February 16, 2011

Obama's a military backer now?

Obama + Military = Tight.
President Obama is playing hardball on budget cuts with the Republicans in Congress, threatening to veto anything that jeopardizes defense budgets. It's unclear where that sudden concern about national defense arose from a President who seems to be okay with a porous border and has never been big on military spending (as opposed to social programs). 

From Politico today;
President Barack Obama signaled his openness to larger deficit-reduction talks with Congress on Tuesday but drew a sharp line at the immediate spending cuts proposed by the House, even suggesting that Republicans were jeopardizing the Pentagon’s ability to “meet vital military requirements.”

The thinly veiled veto threat was delivered in a formal statement of administration policy just hours after debate opened in the House on the Republican plan.

President Obama is playing politics. Nobody paying any attention believes he's become a staunch hawk and defender of the DOD.  He simply is using defense as a reason because it helps gain him some credibility at the margins (i.e. among casual observers) as being strong on defense.  The idea is that it may attract back some independent voters or at least draw them back into the ranks of the undecided.

Timing is everything in politics.  As if in support of the notion that defense spending is in danger, the U.S. Department of Defense (USDOD) released this today;
WASHINGTON, Feb. 16, 2011 – While acknowledging a tougher financial reality, the Defense Department’s top financial official yesterday warned of a disruption in war funding and other likely effects if Congress continues to force the military to operate on continuing resolutions instead of fully funded budgets for fiscal 2011 and 2012.

In a “DOD Live” bloggers roundtable yesterday, Pentagon Comptroller Robert F. Hale explained President Barack Obama’s $671 billion fiscal 2012 budget request for the Defense Department and detailed potential effects if the military must continue operating without a fully funded fiscal 2011 budget.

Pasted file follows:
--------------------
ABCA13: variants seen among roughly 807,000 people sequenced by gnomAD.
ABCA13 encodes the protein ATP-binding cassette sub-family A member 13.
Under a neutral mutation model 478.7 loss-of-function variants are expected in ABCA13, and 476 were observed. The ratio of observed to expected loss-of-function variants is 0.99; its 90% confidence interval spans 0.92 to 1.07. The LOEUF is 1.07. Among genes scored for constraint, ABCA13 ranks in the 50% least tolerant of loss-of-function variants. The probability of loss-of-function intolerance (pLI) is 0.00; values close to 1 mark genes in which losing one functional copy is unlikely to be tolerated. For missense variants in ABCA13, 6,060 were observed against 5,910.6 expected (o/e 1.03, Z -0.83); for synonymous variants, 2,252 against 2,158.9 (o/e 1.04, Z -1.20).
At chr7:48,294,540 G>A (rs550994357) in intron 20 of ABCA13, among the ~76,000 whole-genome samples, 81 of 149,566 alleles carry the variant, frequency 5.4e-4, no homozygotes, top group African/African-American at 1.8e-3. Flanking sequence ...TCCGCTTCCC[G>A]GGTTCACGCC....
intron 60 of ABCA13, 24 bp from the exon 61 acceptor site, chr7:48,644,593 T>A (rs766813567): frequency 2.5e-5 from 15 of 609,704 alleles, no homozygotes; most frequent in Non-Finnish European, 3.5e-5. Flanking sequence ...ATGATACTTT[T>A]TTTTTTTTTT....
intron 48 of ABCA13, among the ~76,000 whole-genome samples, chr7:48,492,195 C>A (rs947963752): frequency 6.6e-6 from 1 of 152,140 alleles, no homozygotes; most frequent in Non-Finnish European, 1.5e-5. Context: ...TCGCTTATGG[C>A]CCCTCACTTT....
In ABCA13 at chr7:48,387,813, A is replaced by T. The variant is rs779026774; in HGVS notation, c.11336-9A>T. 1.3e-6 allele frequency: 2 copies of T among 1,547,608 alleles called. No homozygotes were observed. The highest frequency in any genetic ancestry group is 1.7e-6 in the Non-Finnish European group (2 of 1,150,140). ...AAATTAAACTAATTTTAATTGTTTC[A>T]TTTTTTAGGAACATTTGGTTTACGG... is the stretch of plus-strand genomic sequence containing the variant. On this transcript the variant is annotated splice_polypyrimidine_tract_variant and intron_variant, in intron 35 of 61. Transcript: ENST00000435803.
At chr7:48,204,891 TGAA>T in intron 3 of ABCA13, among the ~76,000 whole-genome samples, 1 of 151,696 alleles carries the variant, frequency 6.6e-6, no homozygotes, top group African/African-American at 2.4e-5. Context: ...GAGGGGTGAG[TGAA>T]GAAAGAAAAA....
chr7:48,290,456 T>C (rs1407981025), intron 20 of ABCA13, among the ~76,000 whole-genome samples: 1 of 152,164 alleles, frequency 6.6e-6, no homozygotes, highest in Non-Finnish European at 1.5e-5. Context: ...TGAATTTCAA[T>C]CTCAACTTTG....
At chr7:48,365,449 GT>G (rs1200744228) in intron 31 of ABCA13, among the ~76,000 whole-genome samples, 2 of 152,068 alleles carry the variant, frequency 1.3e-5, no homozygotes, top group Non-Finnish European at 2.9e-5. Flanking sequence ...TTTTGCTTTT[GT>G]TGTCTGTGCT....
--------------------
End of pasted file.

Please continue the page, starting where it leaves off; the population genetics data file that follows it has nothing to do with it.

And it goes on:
Although DOD officials continue to look aggressively for opportunities to cut and save, Hale said, Congress must give the department sufficient funding. Budgetary delays with continuing resolutions, he added, would pose a national security problem.

“We face a significant problem in the current fiscal year,” he said. “We are on a continuing resolution, … and a year-long continuing resolution would pose serious problems for us. It wouldn’t provide enough resources to properly meet our national security requirements [and] would feature a $23 billion cut compared to our proposal.”

Hale said funding via continuing resolution would limit the military’s discretionary spending power, reducing managerial flexibility and the procurement of assets. Some 50 “shovel-ready” military construction projects continue to be delayed by continuing resolution funding, he noted, and the Army recently froze hiring of civilian personnel, leaving positions vacant for tank mechanics and the like.
On the other hand, it's not as if there aren't opportunities to save and do things smarter at the DOD. Also today from the USDOD;
ARLINGTON, Va., Feb. 16, 2011 - The Defense Department's joint strike fighter program is on track to field the F-35 Lightning II in fiscal 2016, the program's director said here yesterday.

In remarks to the National Aeronautics Association, Navy Vice Adm. David Venlet said that although changes made to the program in January extended flight testing and slowed development by about a year at an additional cost of $4.6 billion, the program has made progress over the past year.
Defense spending is something that needs to be considered very carefully.  Defense of the nation and its citizens is the primary duty of government (as opposed to the National Endowment for the Arts).  But the President using the Defense Department as a reason for not wanting to cut spending is at a minimum, misleading.  President Obama's State of the Union speech promised to freeze non-discretionary domestic spending.  The implication was that defense was not included in that proposal. Now the President is playing tough and trying to grandstand on defense.  It won't work - Republicans will likely do the right thing even if the optics might look bad in the short run.  Nobody wants a weakened national defense and Republicans aren't going to focus their efforts in that area despite what the President is trying to imply.

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